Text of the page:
The summer is kicking off with a price war over electronic reading devices.
Barnes & Noble started the action this week by dropping the price of its popular Nook reader from $259 to $199. That led Amazon to knock $70 off its Kindle; its $189 price undercuts the Nook by 10 bucks.
Both devices are 3G-capable, which means you use the cellular networks to download books. (Users don't have to pay monthly services for this product.) If you just want a Wi-Fi product, Barnes & Noble offers a $159 Nook that does not have 3G.
Forrester Research backed up my theory that e-reader prices will need to drop $50 to $100 before gaining mass acceptance. And when will that be? My bet is this Christmas. And by Christmas 2011, with little need for solo-use devices, these things will be in Happy Meals.
Amazon and Barnes & Noble, facing tough competition, had little choice but to cut prices. Apple's iPad now owns the expensive space at $499, and a whole slew of Google Android tablets -- aimed at the middle ground -- are about to hit the market. They may give the iPad a run for its money.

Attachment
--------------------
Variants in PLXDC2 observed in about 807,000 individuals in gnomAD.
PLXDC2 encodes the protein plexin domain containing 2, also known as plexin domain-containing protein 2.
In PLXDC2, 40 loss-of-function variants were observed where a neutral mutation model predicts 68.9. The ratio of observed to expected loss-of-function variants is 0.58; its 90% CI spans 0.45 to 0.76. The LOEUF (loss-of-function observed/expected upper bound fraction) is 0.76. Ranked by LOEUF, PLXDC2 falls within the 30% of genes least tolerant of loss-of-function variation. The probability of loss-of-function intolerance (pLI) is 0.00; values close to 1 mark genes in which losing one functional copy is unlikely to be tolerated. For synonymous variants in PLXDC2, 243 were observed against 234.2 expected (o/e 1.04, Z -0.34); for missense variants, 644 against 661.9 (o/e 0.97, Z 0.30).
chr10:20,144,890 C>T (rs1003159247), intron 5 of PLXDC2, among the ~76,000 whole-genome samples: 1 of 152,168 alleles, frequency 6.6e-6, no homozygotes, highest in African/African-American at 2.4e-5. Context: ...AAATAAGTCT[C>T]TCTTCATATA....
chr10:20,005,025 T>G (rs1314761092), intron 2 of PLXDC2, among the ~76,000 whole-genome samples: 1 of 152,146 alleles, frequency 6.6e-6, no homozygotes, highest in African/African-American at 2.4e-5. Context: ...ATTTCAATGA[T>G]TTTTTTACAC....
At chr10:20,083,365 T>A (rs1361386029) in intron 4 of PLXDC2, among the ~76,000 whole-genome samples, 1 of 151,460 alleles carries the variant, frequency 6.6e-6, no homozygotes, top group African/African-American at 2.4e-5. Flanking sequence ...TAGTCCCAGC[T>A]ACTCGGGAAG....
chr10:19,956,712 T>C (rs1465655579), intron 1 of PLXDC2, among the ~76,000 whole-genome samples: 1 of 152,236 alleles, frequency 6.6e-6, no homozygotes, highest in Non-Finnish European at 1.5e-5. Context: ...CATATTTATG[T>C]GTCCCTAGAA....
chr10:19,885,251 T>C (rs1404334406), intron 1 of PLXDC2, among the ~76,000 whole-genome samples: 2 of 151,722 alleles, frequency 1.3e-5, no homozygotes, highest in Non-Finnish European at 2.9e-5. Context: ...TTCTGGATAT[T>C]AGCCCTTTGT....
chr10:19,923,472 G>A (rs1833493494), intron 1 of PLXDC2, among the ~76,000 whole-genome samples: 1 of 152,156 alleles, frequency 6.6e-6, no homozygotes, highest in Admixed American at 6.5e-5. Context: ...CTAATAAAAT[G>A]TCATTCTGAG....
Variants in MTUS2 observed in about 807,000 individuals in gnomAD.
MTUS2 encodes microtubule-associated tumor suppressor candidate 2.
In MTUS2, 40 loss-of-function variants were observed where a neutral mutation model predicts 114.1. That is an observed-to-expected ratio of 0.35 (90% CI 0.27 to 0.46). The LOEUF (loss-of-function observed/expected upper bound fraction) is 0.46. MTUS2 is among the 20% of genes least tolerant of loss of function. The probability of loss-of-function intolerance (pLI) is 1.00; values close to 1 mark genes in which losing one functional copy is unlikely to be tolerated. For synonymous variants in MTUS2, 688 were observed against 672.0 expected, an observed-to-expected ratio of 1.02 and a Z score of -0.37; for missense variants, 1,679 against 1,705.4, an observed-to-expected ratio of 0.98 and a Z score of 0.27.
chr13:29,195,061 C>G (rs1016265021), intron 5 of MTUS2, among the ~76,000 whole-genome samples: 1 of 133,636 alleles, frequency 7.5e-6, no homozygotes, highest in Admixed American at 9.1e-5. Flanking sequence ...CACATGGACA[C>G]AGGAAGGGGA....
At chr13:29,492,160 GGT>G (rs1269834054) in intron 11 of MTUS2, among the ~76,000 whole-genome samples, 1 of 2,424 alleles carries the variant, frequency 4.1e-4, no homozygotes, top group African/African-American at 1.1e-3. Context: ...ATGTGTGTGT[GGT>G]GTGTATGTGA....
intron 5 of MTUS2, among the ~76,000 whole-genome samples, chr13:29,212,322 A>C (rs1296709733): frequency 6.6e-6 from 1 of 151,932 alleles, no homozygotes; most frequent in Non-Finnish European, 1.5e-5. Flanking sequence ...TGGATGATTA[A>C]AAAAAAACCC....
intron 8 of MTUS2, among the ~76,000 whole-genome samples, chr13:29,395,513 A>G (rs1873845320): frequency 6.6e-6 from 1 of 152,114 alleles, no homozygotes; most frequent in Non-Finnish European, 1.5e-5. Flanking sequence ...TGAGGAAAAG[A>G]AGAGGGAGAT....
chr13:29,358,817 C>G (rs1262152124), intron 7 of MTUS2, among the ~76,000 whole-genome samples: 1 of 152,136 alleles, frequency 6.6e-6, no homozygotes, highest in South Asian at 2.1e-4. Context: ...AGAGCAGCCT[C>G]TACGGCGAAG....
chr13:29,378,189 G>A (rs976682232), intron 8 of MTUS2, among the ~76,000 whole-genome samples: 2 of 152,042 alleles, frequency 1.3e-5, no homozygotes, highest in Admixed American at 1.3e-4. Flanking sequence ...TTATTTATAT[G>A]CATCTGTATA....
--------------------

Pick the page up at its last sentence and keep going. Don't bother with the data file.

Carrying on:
The Android tablets have a real opportunity. They can come in with color options, 3G connectivity and multitasking at a very low price and really screw up the market. But Apple may have something up its sleeve: When its next iPad comes out in a little while with the camera and multitasking abilities, the current $499 model could go to $299. Remember all those people who paid top dollar for the first iPhones, only to find them in the bargain bin in a few months?
What the dedicated readers have going for them are elegant, backlit screens and great battery life. If you're on a plane for a long time, you want the Kindle's 30 hours and not the iPad's eight to 10 hours. So score one for the Kindle and the Nook. The iPad and Android devices have to fix the screen and battery life for low-power consumption in book reading.
Meanwhile, companies can work on deals with major magazine and newspaper publishers to reduce the devices' prices. (Buy a three-year subscription to an online newspaper or magazine and get $10 off the reader, etc.)
Publishers need to do something about book prices. As an author, I can tell you there are significant costs in printing and distributing the physical book. E-books need to be lots cheaper than they are now to make this whole model work well.